THE LADY KILLER: intense, suspenseful, gripping literary fiction

 

 

 

THE LADY KILLER

 

Lee Olds

 

 

 

Published by

 

The Book Folks

 

London, 2015

 

 

 

© Lee Olds

Other classic literary fiction titles by Lee Olds available on Kindle include:

 

A captivating coming of age novel set in Alaska.

 

Rivalry ensues when a mother and her daughter meet a handsome stranger.

 

An aging writer develops a fixation with a would-be editor.

 

 

 

Chapter One

Hammond had just emerged from the sliding glass door of the cockpit with two tall Collinses in beaded glasses, which sat on a perspiring aluminum tray. He handed one to me and took the other; then sat on the all-weather transom seat opposite. The radar disc on its pole stuck up from a fiberglass wing above us just higher than the fly bridge to form a makeshift beacon as if it could see. When turned on, mind you. When turned on. Of course it couldn’t see. Only one’s eyes could do that. But like so many of our modern day enhancement instruments, it gave us a greater perspective. Not a final one … nothing could do that … but a greater one, and it might save your life.

We were safely moored at a dock in Sausalito by the bay at the foot of several winding hills upon which were clustered a series of quaint homes. From our west, facing our stern, Mt. Tamalpais broke the land plain. An oval cloud had chosen to surround its peak as though it was skewered on the head of a spear and a little to the south the sun had just reached the crest of the ocean ridge and was descending into upwelling light which, coming later, always somehow flickered with more intensity than its preceding glow until, of course, it too faded. Several motor launches, having entered the corridors of the fingered piers, had passed by and their crews were busy tying up when I said to Hammond,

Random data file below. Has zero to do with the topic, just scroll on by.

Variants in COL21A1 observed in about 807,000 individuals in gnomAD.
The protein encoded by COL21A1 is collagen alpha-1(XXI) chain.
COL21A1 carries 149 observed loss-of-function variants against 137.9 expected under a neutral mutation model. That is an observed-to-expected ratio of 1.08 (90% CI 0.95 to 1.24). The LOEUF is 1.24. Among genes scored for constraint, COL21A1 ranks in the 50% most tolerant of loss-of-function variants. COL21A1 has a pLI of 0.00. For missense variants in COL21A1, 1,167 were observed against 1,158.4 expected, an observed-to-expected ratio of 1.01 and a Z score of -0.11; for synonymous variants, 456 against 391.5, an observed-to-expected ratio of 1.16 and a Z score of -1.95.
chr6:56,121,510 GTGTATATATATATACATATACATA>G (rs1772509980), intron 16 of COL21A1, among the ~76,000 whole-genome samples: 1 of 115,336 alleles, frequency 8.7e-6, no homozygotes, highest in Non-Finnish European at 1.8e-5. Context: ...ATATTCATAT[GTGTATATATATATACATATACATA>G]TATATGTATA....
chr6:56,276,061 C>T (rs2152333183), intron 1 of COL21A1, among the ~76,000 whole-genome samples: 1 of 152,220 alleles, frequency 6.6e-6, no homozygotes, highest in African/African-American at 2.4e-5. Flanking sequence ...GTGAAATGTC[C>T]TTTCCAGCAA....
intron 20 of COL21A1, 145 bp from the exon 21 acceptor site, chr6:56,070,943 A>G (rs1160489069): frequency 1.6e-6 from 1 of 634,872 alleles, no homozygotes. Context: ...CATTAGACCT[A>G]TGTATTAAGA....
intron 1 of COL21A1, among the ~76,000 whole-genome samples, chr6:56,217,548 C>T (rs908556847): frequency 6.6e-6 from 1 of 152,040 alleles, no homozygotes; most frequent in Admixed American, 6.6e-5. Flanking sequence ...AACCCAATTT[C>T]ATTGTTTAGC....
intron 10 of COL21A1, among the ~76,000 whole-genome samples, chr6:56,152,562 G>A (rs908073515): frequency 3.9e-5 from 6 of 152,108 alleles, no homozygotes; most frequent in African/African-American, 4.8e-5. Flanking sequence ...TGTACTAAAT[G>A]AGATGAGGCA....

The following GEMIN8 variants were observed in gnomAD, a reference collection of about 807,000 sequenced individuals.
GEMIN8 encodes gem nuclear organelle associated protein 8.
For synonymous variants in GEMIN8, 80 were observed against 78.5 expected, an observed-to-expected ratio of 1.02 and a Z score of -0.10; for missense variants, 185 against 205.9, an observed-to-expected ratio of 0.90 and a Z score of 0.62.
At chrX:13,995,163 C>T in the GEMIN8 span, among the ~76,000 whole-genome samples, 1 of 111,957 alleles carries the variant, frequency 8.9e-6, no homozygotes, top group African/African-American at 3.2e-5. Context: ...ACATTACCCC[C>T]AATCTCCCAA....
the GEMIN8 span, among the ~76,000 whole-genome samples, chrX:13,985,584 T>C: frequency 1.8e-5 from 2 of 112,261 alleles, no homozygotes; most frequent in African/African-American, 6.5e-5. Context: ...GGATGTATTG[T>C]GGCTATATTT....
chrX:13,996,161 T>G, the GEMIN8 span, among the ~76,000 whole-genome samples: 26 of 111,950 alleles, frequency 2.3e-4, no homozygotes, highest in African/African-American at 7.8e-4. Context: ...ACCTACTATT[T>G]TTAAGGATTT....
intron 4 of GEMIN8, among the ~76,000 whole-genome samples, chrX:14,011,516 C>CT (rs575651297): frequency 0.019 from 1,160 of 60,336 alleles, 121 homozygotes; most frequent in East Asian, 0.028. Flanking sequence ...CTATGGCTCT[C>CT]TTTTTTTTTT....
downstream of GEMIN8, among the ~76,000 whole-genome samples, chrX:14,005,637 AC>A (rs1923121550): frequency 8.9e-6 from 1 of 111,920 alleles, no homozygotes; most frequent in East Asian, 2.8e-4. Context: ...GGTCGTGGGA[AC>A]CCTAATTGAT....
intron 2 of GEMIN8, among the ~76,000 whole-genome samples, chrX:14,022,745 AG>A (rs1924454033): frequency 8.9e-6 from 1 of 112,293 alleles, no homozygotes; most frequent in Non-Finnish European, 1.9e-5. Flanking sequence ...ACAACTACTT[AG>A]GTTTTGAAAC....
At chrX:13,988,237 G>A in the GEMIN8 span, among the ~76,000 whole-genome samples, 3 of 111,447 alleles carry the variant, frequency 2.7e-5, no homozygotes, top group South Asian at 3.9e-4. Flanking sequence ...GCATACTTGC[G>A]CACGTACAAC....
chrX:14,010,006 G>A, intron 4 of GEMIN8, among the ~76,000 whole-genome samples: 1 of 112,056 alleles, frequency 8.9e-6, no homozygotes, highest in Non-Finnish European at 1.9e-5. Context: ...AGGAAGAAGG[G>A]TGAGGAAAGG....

“You know, since you’ve acquired this beautiful boat I don’t believe you’ve once taken it out … why? What are boats for?”

“See those,” he pointed to a row of cruisers both fore and aft of us. “I’d wager of all those boats (fifty or more) not two are taken out more than once or twice every three months. You’re missing the point, these people don’t own them to use them, and they’ve got money enough so they don’t have to. They do come down for weekends, however. You see them puttering around. They barbecue, marvel at the dirty water and spend the night having been rocked gently to sleep in their playhouses just as we’ll do tonight. That’s what they use them for. They’re places to get away from it all. You don’t have to go out on them and you can say, ‘Guess what, I own a boat!’”

“I see,” said I. “Just the same, I always thought boats were made to cruise the high seas and this is such a nice one.”